Though if I were a sexist army general, I’d have either asked “isn’t hiring models a waste of money?” or “hey, are those models coming to the celebration party?”

  4. legendary physicist Richard Feynman managed similar teams of people at adding machines during the Manhattan Project.

    He noticed backlogs that would occur when one result was waiting for information from another process, so he reorganized their workflow so those waiting could work on other equations – and created the concept of parallel processing.

  5. Ah, sexism. Vitally important women were thought of as eye candy, while the article kind of glosses over the fact that the reason there were there is because the mores of the time (and, often times, today) dictate that men are the ones to be sent to die. I hate society.

  6. On the eniacprogrammers.org site:

    “None of us girls were ever introduced…we were just programmers.”
    Kay Mauchly Antonelli, ENIAC Programmer, The Computers: The Untold Story of the Remarkable Women Who Programmed the ENIAC (Documentary Preview), 2001

    That sounds strangely familiar.

  7. My mother, who was a minor math savant, was a Bright Young Thing during the war. She turned it into a forty-plus year career working on projects like the DEW Line. Nobody treated her like a model although, at 5′-9″, she was an inch taller than the average man of the day.

  8. I have to say this or lose all of my copy-editing street cred: “Later, the heard they were thought of as models” probably ought to read “Later, THEY heard they were thought of…”.
    Okay, I feel better now.

  9. Cryptonomicon is a 1999 novel by American author Neal Stephenson. The novel follows the exploits of two groups of people in two different time periods. The first is World War II-era Allied codebreakers and tactical-deception operatives affiliated with the Government Code and Cypher School at Bletchley Park. The second narrative is …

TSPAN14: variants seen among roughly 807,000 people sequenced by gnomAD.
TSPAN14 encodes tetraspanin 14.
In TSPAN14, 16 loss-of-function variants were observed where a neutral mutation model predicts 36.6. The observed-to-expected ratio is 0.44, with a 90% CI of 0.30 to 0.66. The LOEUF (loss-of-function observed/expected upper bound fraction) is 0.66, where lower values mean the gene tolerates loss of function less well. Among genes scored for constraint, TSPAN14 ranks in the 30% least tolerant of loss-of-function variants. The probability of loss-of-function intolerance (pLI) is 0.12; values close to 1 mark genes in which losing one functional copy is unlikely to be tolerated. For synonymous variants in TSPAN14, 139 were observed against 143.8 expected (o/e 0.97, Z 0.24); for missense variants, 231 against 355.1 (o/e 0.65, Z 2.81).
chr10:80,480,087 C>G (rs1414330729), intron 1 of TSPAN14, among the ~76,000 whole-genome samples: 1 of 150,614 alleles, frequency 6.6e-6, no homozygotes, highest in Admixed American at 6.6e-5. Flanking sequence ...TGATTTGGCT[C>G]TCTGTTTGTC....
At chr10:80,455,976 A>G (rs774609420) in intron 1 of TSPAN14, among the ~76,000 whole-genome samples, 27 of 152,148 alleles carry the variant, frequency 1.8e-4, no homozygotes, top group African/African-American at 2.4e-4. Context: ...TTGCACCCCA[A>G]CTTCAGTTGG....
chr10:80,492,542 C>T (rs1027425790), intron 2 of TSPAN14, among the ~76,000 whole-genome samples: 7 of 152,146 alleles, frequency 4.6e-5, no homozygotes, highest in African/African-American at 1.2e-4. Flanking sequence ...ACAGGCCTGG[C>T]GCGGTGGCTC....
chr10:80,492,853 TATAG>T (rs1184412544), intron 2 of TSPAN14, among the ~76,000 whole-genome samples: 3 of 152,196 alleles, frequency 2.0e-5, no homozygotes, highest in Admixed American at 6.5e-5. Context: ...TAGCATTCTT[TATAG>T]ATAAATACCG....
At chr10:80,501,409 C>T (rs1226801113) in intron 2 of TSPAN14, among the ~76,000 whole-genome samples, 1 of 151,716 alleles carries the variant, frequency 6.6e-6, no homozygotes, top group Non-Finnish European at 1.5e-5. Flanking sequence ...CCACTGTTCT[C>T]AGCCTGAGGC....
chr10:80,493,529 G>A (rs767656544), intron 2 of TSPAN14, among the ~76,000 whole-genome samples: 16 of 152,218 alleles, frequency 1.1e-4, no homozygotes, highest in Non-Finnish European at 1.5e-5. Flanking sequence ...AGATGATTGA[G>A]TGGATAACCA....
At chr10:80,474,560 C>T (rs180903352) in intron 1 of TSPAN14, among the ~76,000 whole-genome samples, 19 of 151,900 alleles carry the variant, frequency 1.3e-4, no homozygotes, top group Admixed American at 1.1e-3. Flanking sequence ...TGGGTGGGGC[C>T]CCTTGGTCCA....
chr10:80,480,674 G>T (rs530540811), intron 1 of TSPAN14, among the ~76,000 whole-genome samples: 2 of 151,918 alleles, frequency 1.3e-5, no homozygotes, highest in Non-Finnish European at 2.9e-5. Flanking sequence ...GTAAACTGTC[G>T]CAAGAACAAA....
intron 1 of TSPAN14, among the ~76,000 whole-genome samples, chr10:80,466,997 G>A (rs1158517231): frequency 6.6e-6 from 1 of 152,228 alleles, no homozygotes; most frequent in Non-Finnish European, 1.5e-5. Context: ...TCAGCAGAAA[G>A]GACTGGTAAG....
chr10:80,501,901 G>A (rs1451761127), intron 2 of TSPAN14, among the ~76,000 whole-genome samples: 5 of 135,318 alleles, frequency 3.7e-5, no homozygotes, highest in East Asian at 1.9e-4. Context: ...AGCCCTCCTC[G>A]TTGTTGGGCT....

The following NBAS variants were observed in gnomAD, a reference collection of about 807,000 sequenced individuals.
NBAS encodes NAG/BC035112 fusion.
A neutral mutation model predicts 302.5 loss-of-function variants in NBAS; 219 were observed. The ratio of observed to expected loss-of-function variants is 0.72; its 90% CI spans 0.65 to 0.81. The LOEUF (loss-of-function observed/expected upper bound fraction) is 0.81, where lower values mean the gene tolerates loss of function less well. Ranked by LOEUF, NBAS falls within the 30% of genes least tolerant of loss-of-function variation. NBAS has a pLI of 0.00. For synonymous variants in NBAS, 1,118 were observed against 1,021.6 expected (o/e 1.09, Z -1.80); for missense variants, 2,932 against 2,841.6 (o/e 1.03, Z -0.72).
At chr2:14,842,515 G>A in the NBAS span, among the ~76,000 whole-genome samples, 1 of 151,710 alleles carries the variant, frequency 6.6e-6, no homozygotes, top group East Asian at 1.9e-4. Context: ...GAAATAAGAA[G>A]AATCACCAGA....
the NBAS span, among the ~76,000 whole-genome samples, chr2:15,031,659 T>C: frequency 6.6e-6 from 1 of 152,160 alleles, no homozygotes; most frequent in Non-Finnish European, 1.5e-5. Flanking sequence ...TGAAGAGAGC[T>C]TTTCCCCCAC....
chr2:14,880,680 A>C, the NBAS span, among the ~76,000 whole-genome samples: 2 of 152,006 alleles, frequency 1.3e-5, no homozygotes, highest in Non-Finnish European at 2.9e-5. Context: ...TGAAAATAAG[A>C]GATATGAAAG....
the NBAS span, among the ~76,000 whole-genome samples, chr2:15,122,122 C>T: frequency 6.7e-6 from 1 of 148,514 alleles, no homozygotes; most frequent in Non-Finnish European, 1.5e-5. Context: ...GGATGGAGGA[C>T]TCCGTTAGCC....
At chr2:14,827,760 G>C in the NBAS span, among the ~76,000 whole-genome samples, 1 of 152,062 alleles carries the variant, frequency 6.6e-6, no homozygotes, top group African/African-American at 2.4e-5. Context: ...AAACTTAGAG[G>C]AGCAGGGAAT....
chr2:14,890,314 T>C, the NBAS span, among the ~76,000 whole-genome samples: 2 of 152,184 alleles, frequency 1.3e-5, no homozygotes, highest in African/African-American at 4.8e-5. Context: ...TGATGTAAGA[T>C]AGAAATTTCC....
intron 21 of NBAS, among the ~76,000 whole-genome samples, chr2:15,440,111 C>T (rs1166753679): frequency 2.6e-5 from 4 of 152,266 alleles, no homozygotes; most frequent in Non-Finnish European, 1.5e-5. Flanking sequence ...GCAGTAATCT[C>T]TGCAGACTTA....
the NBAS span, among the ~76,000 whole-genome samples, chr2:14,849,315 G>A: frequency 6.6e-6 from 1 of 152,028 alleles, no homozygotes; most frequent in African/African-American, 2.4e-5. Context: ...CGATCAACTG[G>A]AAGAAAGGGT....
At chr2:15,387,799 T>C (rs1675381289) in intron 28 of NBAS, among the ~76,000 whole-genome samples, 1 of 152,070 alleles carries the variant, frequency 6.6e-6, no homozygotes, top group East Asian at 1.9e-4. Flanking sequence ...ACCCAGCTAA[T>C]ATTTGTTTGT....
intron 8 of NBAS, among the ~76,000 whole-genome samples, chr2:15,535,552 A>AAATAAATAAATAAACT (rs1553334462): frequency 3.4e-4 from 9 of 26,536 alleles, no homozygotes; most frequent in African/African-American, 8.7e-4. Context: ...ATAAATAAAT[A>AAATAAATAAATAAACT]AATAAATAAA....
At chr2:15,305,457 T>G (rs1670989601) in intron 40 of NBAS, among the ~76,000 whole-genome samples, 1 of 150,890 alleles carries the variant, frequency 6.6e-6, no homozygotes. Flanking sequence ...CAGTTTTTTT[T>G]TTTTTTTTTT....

10. It’s always nice to see light shed on the reality of the first computer programmers, how they were pretty much all women, and how their work and contributions to computing were so badly underestimated.

    My grandmother, Kathleen Mauchly Antonelli, was among the ENIAC programmers. My grandfather was John Mauchly, the co-inventor thereof.

    My uncle Bill Mauchly and I set up a website about the ENIAC, if anybody out there is interested in more and deeper nerdity about this old oddball machine (which worked in DECIMAL, of all things).

    Find it here: http://the-eniac.com

  11. This looks really interesting and is similar to the story of around 6000 women who worked at Bletchley Park during WW2. We made a short video about them: The Women of Station X http://www.bletchleypark.org.uk/content/video-example.rhtm

    I’ve been campaigning to save Bletchley Park for several years now as it is underfunded, see http://www.savingbletchleypark.org It would be great to link up in some way to the US Rosies, 300 US intelligence also worked at Bletchley Park.

    Colossus: the world’s first programmable digital computer, invented by Tommy Flowers was used at Bletchley Park as part of the codebreaking effort. The work done there was said by Eisenhower to have shortened the war by two years, potentially saving 22 million lives.

    I recently found out about Joan Clarke, a major codebreaker at Bletchley Park who worked in Hut 8 with Alan Turing and was also engaged to him at one point. I would love to know more about her.

    If anyone is interested in knowing more about Bletchley Park please do get in touch http://www.sueblack.co.uk/contact.html and I’m @Dr_Black on Twitter.

Comments are closed.